Suffering in silence
Published on 30.03.2009 - Catlin Arctic Survey
The reports coming back from Pen Hadow's expedition are lifting the curtain somewhat on some of the suffering the team members are having to endure: cold, rotten terrain, wind, etc.
In recent days, reading the updates from the Catlin Arctic Survey, we have had a whiff of all sorts of interesting things. Which is why, to break the inevitable monotony of the daily reports on the trio's progress, Pen Hadow has decided to entrust the topics associated with this type of adventure to specialists. They in turn have analysed with some professionalism a number of the less well-known aspects of polar expeditions. Or if not unknown, topics that are rarely dealt with in any depth. We have already mentioned in our previous reports that while there are no major adventures on the agenda this season, monitoring the reports from the expeditions underway has been especially interesting this year. This is precisely because some of the teams have elected to talk in greater detail about some of the human or psychological factors associated with ventures of this kind.
Certainly in recent days, anyone following the updates from the Catlin Arctic Survey has had a treat. First of all, there was a medical man, Dr Craig McLean, who talked to us about the dangers linked to muscle immobilisation, because the three men had been obliged to spend five days in their tent waiting for the Twin Otter to bring them their first drop of fresh supplies. Then another medic, Martin Rhodes, who appears to specialise in the illnesses associated with the polar regions, provided a highly understandable description of the various stages and phases of chilblains or frostbite, along with their symptoms (changes to the colour of the skin) and the importance of the layers of tissue affected. He also referred to the fact that Hartley is suffering from frostbite in his feet. Which is how we learnt that the only remedy for attempting to cure incipient frostbite (or in any event to warm it up) is to immerse the frozen part in water warmed to 38°C for 30 to 40 minutes, which can be excruciatingly painful. Having said that, Hartley has not told us how he is treating his frostbite; he simply explains that when there is a rise in temperature, he feels much better.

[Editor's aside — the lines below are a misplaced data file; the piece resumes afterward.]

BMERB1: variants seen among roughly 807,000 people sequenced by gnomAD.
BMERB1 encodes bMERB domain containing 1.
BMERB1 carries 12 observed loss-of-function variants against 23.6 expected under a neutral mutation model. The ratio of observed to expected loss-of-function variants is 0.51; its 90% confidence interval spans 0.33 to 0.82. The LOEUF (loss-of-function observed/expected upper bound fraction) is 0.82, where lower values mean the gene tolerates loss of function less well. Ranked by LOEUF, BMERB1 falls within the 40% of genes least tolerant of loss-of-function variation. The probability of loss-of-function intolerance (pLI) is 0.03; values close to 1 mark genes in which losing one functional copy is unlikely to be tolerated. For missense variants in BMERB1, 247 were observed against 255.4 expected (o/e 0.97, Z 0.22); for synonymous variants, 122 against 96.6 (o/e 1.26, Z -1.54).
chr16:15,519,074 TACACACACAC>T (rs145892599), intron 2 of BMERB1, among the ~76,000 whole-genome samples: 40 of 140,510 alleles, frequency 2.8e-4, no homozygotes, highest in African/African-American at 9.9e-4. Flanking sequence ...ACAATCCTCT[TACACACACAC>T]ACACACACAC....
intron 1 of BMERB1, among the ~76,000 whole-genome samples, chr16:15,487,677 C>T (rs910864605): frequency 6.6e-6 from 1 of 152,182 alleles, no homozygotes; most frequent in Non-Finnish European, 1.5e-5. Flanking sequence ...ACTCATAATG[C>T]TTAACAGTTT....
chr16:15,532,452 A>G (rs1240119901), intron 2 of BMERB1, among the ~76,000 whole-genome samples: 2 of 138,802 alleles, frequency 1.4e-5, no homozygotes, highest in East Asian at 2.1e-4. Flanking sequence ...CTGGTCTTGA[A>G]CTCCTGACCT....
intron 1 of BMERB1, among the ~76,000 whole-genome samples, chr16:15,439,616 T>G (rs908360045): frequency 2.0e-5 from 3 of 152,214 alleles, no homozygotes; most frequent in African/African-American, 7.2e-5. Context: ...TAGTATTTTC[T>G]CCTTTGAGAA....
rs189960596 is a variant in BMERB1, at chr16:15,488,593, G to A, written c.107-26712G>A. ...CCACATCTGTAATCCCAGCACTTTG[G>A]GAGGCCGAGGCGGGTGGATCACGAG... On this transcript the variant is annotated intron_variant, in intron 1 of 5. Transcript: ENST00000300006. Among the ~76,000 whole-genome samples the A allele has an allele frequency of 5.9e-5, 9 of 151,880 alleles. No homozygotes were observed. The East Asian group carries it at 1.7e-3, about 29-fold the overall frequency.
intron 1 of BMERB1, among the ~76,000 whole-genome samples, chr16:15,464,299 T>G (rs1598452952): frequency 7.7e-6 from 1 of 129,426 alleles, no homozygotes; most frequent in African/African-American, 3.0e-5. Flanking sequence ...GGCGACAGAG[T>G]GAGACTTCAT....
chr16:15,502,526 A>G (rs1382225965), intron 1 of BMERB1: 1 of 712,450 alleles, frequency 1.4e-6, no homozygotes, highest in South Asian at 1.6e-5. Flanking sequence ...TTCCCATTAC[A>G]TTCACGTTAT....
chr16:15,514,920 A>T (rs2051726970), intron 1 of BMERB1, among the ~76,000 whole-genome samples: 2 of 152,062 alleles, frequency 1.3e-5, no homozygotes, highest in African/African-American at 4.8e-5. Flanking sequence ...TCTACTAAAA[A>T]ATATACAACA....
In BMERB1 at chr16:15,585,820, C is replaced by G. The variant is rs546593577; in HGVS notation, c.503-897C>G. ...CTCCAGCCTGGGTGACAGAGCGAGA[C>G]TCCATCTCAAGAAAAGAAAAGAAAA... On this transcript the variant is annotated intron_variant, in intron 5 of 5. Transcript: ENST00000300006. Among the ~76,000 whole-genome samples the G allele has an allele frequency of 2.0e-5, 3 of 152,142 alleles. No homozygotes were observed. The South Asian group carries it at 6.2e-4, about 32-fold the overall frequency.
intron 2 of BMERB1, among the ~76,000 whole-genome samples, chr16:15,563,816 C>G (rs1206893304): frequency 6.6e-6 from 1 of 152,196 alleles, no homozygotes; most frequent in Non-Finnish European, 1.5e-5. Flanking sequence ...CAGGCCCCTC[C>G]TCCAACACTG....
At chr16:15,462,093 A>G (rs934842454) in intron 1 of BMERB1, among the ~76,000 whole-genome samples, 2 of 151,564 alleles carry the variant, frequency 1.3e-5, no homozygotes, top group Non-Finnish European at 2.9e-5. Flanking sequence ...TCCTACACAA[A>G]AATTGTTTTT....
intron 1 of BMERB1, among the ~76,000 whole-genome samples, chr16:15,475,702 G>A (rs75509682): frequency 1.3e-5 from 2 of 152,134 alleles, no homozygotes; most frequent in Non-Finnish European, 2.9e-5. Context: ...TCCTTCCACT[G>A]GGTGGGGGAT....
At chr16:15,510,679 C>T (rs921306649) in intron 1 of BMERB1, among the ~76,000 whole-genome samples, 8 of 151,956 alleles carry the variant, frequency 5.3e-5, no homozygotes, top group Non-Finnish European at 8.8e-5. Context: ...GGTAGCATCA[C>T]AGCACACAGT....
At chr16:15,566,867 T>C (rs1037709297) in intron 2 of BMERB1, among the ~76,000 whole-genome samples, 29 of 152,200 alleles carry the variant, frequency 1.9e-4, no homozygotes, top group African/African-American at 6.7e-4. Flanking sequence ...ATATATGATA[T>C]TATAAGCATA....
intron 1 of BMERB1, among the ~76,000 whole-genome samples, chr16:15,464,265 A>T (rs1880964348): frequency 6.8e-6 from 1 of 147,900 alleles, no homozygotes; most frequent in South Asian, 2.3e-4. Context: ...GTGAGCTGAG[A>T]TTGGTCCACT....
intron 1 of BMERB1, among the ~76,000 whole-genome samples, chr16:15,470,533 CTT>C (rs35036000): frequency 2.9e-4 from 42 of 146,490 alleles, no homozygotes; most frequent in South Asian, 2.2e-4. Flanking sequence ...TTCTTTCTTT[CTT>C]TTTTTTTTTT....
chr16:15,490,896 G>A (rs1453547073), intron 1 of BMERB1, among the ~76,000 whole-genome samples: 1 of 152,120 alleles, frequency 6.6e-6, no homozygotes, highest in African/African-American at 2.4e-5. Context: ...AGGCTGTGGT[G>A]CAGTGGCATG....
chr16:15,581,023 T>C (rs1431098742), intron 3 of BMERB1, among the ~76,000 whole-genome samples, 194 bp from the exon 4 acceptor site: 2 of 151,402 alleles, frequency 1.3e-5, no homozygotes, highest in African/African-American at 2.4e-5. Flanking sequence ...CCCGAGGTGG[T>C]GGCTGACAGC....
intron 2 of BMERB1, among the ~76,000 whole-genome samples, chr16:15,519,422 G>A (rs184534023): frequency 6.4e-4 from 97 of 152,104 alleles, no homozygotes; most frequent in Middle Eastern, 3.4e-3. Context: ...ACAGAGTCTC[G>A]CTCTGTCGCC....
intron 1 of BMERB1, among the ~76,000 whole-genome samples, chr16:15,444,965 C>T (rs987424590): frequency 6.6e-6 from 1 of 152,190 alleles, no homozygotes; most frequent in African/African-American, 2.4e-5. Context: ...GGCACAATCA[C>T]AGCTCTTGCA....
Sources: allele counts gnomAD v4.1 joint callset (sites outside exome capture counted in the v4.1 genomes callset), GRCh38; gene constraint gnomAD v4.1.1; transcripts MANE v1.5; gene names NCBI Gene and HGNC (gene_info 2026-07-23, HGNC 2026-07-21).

We were also rewarded this week with a few lines about polar nutrition, written by Rebecca Amey, a well-known nutritionist. Then it was the turn of a famous mountaineer, Paul Deegan, to explainhow constant exposure to polar cold can really handicap day-to-day activities. He explained in particular that when an individual is constantly exposed to the polar cold, their mental field of vision can become very narrow. For example, if you keep thinking about the way your extremities (fingers, toes, nose, cheeks, face in general) will react to the cold and try to find maximum comfort for them, you waste an awful amount of energy.
On 27th March, day 27 of the expedition, it was Mark Wilson's turn to comment on how the three people involved in the expedition have to keep a whole range of emotions in check, covering both moments of happiness when everything is going well, as well as the worst moments of discouragement, when you might wonder "what on earth am I doing this for?". The photographer Martin Hartley (who is sleeping very badly) has said on several occasions that there are at least a million other things he would prefer to be doing than wandering about on the sea-ice.
But despite all that, things are not going too badly for the expedition. The trio has finally resumed a normal rate of progress, which involves 65-minute periods on the move, interspersed by 10 minutes of rest. Then, on 27th March, Hadow wrote that the scientific readings he has to take are going to plan.